Tolerance on thickness of insulation

The smallest of the measured values of thickness of insulation shall not fall below the nominal value (ti) specified in specified in the relevant tables by more than (0.1 mm +0.1 ti)

Application of insulation

The insulation shall be so applied that it fits closely on the conductor and it shall be possible to remove it without damage to the conductor.

Core identification

Cores shall be identified by different coloring of PVC insulation. The color scheme as given in below the table shall be adopted.

No. of cores Color
1-Core Red, Black, Yellow, Blue, White or Grey
2-Core Red and Black
3-Core Red, Black, Yellow
4-Core Red, Yellow, Blue and Black
5-Core As agreed to between the purchaser and the supplier

Flat twin cables (With ECC)

Two with a bare ECC shall be laid side by side in the same plane (ECC occupying the central position) For core cables the ECC shall be placed between yellow and blue cores in same plane.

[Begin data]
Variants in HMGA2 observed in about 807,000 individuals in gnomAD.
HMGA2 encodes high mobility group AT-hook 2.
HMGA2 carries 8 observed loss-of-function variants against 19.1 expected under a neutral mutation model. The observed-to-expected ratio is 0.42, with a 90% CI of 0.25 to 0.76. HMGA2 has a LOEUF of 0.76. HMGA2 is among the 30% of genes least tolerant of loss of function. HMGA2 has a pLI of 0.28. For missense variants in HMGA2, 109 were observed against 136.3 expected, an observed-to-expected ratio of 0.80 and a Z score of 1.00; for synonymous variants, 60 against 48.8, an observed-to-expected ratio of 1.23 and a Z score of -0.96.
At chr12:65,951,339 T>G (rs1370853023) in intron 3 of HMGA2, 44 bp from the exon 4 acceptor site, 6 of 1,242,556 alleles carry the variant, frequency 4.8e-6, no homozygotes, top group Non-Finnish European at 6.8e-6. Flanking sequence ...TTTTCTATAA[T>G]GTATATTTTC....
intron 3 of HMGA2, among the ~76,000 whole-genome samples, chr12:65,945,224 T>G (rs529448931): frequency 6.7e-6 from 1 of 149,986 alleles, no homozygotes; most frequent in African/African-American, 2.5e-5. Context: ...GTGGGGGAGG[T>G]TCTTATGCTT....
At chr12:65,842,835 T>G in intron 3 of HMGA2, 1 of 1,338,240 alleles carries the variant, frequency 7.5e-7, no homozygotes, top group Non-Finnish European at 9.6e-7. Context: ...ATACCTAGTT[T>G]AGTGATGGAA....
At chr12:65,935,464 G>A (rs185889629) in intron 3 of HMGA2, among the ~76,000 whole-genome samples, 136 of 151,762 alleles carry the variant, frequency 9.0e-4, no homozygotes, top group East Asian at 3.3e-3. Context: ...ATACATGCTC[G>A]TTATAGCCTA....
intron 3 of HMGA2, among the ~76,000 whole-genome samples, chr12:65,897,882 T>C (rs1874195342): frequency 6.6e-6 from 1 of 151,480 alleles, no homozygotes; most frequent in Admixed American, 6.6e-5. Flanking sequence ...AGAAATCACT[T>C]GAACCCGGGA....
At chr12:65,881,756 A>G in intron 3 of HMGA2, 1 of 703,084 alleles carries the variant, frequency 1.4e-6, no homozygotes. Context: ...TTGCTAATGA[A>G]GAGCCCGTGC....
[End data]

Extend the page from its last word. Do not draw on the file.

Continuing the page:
Circular twin, three and four cores cables

Tow, three or four cores shall be laid together with a suitable right-hand lay. The interstices between the cores may be filled with fillers. A binder tape may be applied over the laid-up cores.

SHEATHING

The sheath shall be so applied that it fits closely on the laid-up cores and it shall possible to remove it without damage to the insulation

The sheath, where applicable, shall applied by extrusion. It shall be applied

a. Over the insulation in case of single- core cables, and

b. Over the lade-up cores in other cases.